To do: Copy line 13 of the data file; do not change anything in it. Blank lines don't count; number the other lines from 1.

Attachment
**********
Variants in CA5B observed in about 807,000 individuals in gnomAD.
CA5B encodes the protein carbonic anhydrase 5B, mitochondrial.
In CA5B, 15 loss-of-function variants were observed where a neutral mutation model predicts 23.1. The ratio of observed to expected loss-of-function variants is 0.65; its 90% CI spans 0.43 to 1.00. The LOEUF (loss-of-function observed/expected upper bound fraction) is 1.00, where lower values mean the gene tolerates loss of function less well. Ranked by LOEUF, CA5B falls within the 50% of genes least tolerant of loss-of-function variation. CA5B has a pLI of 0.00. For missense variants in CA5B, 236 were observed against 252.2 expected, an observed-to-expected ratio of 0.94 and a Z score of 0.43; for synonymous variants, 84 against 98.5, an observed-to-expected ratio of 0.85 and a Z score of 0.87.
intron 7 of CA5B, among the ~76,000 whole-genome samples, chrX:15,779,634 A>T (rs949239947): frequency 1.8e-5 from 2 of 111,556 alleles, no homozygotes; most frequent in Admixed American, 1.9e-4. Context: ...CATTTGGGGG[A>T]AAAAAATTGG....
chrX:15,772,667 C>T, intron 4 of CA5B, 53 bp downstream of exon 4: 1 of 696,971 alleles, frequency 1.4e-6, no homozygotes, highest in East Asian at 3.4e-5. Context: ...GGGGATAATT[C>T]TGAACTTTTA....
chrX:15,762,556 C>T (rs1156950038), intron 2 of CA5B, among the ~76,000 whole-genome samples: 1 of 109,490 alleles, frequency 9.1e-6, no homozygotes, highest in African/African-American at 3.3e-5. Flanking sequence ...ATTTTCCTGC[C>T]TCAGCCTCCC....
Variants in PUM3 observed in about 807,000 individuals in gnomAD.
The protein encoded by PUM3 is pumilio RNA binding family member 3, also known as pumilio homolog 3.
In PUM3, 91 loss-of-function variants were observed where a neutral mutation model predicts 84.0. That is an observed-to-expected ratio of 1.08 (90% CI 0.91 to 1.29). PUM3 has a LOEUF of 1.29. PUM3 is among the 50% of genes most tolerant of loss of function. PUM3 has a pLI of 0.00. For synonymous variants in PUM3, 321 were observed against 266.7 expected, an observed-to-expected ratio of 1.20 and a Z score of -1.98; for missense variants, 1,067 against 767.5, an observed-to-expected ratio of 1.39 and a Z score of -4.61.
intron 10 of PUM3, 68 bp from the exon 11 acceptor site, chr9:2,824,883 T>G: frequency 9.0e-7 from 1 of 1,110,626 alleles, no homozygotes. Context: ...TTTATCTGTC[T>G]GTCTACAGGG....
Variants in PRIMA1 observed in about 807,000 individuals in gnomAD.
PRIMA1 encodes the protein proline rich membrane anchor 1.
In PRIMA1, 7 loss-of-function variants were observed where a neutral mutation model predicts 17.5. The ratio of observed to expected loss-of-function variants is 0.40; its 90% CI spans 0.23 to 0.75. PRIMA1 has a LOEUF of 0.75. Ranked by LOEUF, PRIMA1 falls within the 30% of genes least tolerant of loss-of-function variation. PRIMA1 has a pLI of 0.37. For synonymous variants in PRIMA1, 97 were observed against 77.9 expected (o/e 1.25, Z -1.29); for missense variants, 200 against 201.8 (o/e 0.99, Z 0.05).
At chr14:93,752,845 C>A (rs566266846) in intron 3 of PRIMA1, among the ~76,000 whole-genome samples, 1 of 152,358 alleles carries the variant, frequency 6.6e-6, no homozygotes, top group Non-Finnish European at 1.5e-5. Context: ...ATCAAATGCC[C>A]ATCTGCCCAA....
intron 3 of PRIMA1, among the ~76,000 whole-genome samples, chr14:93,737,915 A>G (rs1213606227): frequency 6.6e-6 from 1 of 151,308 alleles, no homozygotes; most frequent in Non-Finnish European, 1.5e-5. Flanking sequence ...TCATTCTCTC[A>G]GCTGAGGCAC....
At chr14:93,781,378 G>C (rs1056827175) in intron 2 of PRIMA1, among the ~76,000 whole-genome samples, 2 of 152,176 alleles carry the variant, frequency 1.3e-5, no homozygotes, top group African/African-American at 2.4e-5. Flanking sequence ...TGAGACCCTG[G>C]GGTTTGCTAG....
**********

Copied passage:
In PRIMA1, 7 loss-of-function variants were observed where a neutral mutation model predicts 17.5. The ratio of observed to expected loss-of-function variants is 0.40; its 90% CI spans 0.23 to 0.75. PRIMA1 has a LOEUF of 0.75. Ranked by LOEUF, PRIMA1 falls within the 30% of genes least tolerant of loss-of-function variation. PRIMA1 has a pLI of 0.37. For synonymous variants in PRIMA1, 97 were observed against 77.9 expected (o/e 1.25, Z -1.29); for missense variants, 200 against 201.8 (o/e 0.99, Z 0.05).